Kenneth Woodward edited Newsweek's Religion section from 1964 until his retirement in 2002. He remained a writer-at-large at Newsweek until 2009.

His new book is Getting Religion: Faith, Culture, and Politics from the Age of Eisenhower to the Era of Obama.

Beginning with a bold reassessment of the Fifties, Woodward’s narrative weaves through Civil Rights era and the movements that followed in its wake: the anti-Vietnam movement; Liberation theology in Latin America; the rise of Evangelicalism and decline of mainline Protestantism; women’s liberation and Bible; the turn to Asian spirituality; the transformation of the family and emergence of religious cults; and the embrace of righteous politics by both the Republican and Democratic Parties. 

A Muslim group in suburban New York says a decision to give landmark status to a house it had planned to use as a mosque is less about historical preservation and more about putting up barriers to their plans.

  In recent years, there have been major outbreaks of whooping cough among children in California, mumps in New York, and measles in Ohio’s Amish country—despite the fact that these are all vaccine-preventable diseases.

While America is the most medically advanced place in the world, many people bypass modern medicine in favor of using their faith to fight life threatening illnesses.

According to our next guest, children suffer and die every year from treatable diseases, and in most states it is legal for parents to deny their children care for religious reasons.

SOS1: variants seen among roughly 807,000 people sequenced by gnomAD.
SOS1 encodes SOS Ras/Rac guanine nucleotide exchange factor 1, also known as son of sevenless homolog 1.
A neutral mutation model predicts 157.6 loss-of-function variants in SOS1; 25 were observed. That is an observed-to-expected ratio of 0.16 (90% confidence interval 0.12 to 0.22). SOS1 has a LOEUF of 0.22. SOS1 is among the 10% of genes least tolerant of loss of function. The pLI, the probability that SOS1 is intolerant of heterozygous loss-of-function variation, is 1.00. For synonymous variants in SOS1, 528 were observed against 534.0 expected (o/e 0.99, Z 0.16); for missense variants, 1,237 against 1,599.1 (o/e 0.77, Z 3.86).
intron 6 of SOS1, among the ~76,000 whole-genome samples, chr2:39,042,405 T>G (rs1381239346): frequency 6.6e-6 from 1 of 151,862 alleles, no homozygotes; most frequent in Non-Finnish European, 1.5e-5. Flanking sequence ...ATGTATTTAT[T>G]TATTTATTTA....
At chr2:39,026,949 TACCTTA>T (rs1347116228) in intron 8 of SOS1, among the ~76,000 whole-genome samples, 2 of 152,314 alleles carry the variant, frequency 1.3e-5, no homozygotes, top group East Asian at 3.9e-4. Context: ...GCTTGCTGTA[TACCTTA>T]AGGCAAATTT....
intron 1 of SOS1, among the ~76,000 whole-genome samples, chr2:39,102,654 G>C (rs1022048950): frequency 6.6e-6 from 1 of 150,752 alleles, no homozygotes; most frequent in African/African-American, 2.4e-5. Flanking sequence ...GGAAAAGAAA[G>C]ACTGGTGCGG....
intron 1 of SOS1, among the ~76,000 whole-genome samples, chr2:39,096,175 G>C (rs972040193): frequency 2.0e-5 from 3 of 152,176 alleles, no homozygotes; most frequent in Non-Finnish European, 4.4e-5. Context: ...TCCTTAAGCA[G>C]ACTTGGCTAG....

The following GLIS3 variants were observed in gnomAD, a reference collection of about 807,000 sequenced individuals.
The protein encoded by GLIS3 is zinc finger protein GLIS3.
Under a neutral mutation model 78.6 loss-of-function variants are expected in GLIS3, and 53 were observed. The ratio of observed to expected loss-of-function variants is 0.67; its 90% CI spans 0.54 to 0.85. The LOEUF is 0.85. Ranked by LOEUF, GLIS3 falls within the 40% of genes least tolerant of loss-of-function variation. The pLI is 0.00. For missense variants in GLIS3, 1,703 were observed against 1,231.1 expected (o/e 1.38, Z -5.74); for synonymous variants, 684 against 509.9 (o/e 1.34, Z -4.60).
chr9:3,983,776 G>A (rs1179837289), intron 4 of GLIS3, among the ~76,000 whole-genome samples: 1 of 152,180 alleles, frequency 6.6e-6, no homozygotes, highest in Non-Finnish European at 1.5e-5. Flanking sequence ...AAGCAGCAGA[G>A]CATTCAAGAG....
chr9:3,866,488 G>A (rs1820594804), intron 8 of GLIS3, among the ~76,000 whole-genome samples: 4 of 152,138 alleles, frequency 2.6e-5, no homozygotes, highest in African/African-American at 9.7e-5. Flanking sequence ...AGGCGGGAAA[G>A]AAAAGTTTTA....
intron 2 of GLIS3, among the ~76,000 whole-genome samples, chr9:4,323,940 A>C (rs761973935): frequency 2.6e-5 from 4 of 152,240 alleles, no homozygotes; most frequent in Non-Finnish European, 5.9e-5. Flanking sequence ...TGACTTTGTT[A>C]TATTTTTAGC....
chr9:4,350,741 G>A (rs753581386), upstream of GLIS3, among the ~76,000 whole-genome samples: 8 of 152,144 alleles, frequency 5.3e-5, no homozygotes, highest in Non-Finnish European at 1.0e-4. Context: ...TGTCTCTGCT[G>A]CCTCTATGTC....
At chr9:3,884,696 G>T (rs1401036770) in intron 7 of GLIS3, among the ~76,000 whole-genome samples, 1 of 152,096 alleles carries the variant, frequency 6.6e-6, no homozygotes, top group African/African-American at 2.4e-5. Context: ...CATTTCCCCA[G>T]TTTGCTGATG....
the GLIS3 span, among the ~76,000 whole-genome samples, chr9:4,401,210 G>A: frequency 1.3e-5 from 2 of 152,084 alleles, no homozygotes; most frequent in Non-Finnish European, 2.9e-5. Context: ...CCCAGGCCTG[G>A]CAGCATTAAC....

Dr. Paul Offit is a Professor of Pediatrics in the Division of Infectious Diseases at the University of Pennsylvania School of Medicine and Director of the Vaccine Education Center at the Children’s Hospital of Philadelphia. His new book is Bad Faith: When Religious Belief Undermines Modern Medicine.

  Jackie Mercurio lives with her husband, five children, and black Lab in New York. She was recently named Winner of the Good Housekeeping Memoir Contest (2014). Her website is

  In Going Clear: Scientology, Hollywood, and the Prison of Belief by Lawrence Wright, we learn about Scientology’s complicated cosmology and special language. We see the ways in which the church pursues celebrities, such as Tom Cruise and John Travolta, and how such stars are used to advance the church’s goals. And we meet the young idealists who have joined the Sea Org, the church’s clergy, signing up with a billion-year contract.

    Irshad Manji is Director of the Moral Courage Project at New York University and she will be speaking at the Massachusetts College of Liberal Arts in North Adams Thursday night at 7PM.

Clearstory Collective

        The Episcopal Diocese of Western Massachusetts recently launched a new initiative to reach out to people of faith who have become disaffected by the institutional church. It’s called  Clearstory Collective and it promotes opportunities for people seeking faith based communities and  alternative worship.  It is the brainchild of Rev. Christopher Carlisle, the diocesan missioner to higher education.  He spoke with WAMC’s Pioneer Valley Bureau Chief Paul Tuthill.